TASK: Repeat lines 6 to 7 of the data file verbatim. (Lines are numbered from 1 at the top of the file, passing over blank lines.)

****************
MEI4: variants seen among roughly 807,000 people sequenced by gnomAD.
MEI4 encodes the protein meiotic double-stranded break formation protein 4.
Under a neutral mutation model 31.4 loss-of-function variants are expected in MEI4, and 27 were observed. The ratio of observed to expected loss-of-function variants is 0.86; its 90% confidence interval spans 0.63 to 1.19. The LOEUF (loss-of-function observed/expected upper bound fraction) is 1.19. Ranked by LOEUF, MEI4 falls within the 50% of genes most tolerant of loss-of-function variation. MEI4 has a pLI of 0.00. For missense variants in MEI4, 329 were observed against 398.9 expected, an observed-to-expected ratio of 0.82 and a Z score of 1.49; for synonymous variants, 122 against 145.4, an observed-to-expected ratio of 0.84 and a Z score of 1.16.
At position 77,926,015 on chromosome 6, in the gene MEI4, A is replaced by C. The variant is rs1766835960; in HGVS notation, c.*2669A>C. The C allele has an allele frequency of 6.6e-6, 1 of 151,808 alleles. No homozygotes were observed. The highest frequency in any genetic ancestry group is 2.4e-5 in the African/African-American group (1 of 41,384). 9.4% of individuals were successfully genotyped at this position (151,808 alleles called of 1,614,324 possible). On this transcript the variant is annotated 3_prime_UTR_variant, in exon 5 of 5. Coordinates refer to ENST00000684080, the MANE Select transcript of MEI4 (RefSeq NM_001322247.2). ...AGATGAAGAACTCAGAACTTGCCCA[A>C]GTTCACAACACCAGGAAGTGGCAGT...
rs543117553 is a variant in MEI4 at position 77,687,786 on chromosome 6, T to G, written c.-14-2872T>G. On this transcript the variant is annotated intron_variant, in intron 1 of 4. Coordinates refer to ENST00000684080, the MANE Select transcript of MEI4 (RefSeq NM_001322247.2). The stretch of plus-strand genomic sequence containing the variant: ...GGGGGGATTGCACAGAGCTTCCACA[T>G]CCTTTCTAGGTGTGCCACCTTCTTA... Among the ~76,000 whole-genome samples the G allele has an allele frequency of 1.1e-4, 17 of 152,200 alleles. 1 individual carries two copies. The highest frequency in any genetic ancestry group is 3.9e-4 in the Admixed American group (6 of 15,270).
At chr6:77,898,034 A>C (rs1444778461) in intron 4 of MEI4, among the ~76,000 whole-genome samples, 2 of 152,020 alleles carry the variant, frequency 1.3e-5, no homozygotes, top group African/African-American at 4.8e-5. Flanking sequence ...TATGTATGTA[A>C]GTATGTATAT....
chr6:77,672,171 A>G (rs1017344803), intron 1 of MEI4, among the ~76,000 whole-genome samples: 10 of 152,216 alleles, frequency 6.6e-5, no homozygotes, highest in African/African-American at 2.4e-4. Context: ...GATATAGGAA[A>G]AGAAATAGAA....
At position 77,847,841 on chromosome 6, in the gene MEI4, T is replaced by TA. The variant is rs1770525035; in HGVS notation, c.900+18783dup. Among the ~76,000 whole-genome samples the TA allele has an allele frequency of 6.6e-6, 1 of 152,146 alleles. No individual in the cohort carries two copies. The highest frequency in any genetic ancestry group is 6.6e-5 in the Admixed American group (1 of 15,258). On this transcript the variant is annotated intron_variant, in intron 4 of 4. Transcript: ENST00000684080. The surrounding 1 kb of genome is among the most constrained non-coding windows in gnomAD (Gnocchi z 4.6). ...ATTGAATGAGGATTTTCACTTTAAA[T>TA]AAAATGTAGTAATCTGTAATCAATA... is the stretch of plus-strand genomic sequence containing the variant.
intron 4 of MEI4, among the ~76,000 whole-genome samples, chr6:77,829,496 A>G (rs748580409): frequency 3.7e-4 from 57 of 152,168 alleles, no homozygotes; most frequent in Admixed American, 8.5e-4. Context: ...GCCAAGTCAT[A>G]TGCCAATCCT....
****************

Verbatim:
At chr6:77,898,034 A>C (rs1444778461) in intron 4 of MEI4, among the ~76,000 whole-genome samples, 2 of 152,020 alleles carry the variant, frequency 1.3e-5, no homozygotes, top group African/African-American at 4.8e-5. Flanking sequence ...TATGTATGTA[A>C]GTATGTATAT....
chr6:77,672,171 A>G (rs1017344803), intron 1 of MEI4, among the ~76,000 whole-genome samples: 10 of 152,216 alleles, frequency 6.6e-5, no homozygotes, highest in African/African-American at 2.4e-4. Context: ...GATATAGGAA[A>G]AGAAATAGAA....